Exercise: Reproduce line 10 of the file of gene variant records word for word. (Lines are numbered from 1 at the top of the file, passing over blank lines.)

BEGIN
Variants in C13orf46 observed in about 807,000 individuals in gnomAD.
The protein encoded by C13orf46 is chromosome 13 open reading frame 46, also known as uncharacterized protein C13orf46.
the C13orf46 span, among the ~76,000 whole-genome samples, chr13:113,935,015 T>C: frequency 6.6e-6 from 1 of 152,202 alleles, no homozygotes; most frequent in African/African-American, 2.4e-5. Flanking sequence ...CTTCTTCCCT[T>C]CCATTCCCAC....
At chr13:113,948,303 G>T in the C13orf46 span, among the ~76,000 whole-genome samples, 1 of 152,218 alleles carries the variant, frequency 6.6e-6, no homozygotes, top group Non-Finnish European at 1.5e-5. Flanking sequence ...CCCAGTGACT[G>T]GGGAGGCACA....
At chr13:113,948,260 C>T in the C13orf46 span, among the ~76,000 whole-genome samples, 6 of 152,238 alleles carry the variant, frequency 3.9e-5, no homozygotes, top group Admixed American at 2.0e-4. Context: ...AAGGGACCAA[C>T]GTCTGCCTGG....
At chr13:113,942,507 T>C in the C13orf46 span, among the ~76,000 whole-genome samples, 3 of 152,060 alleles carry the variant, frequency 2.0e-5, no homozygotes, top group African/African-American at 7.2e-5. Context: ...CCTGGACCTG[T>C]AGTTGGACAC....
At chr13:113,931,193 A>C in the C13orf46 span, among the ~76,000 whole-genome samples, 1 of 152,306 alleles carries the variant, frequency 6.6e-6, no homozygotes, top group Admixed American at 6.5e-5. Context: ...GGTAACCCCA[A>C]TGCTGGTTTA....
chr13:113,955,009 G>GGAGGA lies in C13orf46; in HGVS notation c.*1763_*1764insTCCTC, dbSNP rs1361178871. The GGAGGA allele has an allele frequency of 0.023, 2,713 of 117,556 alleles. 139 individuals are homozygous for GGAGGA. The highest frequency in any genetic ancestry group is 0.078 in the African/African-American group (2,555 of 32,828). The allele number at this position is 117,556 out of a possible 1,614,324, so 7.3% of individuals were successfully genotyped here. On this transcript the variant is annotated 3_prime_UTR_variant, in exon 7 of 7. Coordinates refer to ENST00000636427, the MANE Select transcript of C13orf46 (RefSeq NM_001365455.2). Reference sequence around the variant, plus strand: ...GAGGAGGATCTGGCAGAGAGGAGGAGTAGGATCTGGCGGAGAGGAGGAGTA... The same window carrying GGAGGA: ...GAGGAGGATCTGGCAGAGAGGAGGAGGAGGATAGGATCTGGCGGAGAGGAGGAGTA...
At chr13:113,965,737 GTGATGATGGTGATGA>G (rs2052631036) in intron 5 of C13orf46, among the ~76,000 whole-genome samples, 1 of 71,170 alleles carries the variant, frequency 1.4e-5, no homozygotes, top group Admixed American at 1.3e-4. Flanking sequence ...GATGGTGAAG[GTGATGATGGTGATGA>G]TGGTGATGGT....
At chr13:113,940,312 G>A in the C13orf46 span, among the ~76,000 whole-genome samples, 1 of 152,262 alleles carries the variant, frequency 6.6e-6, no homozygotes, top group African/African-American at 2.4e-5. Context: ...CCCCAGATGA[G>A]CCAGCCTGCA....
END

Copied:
At chr13:113,940,312 G>A in the C13orf46 span, among the ~76,000 whole-genome samples, 1 of 152,262 alleles carries the variant, frequency 6.6e-6, no homozygotes, top group African/African-American at 2.4e-5. Context: ...CCCCAGATGA[G>A]CCAGCCTGCA....